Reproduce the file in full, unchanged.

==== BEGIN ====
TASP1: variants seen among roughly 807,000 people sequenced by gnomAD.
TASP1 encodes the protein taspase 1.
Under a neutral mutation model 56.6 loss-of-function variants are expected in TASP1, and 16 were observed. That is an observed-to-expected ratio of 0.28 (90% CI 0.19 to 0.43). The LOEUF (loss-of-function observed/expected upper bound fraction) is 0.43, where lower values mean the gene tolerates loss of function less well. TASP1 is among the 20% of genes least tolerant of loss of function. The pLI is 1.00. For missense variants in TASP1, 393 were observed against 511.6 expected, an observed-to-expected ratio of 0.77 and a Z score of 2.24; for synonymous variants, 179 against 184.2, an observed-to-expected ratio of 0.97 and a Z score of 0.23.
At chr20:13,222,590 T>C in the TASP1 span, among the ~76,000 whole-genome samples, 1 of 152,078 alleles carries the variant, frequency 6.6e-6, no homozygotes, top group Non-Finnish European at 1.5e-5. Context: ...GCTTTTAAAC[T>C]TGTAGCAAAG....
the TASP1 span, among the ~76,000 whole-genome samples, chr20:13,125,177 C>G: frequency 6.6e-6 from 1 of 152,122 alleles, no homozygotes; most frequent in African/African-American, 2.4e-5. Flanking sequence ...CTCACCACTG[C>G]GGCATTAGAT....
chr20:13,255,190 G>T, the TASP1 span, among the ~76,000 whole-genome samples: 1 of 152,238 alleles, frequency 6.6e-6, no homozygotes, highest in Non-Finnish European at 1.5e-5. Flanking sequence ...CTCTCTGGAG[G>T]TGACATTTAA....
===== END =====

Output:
TASP1: variants seen among roughly 807,000 people sequenced by gnomAD.
TASP1 encodes the protein taspase 1.
Under a neutral mutation model 56.6 loss-of-function variants are expected in TASP1, and 16 were observed. That is an observed-to-expected ratio of 0.28 (90% CI 0.19 to 0.43). The LOEUF (loss-of-function observed/expected upper bound fraction) is 0.43, where lower values mean the gene tolerates loss of function less well. TASP1 is among the 20% of genes least tolerant of loss of function. The pLI is 1.00. For missense variants in TASP1, 393 were observed against 511.6 expected, an observed-to-expected ratio of 0.77 and a Z score of 2.24; for synonymous variants, 179 against 184.2, an observed-to-expected ratio of 0.97 and a Z score of 0.23.
At chr20:13,222,590 T>C in the TASP1 span, among the ~76,000 whole-genome samples, 1 of 152,078 alleles carries the variant, frequency 6.6e-6, no homozygotes, top group Non-Finnish European at 1.5e-5. Context: ...GCTTTTAAAC[T>C]TGTAGCAAAG....
the TASP1 span, among the ~76,000 whole-genome samples, chr20:13,125,177 C>G: frequency 6.6e-6 from 1 of 152,122 alleles, no homozygotes; most frequent in African/African-American, 2.4e-5. Flanking sequence ...CTCACCACTG[C>G]GGCATTAGAT....
chr20:13,255,190 G>T, the TASP1 span, among the ~76,000 whole-genome samples: 1 of 152,238 alleles, frequency 6.6e-6, no homozygotes, highest in Non-Finnish European at 1.5e-5. Flanking sequence ...CTCTCTGGAG[G>T]TGACATTTAA....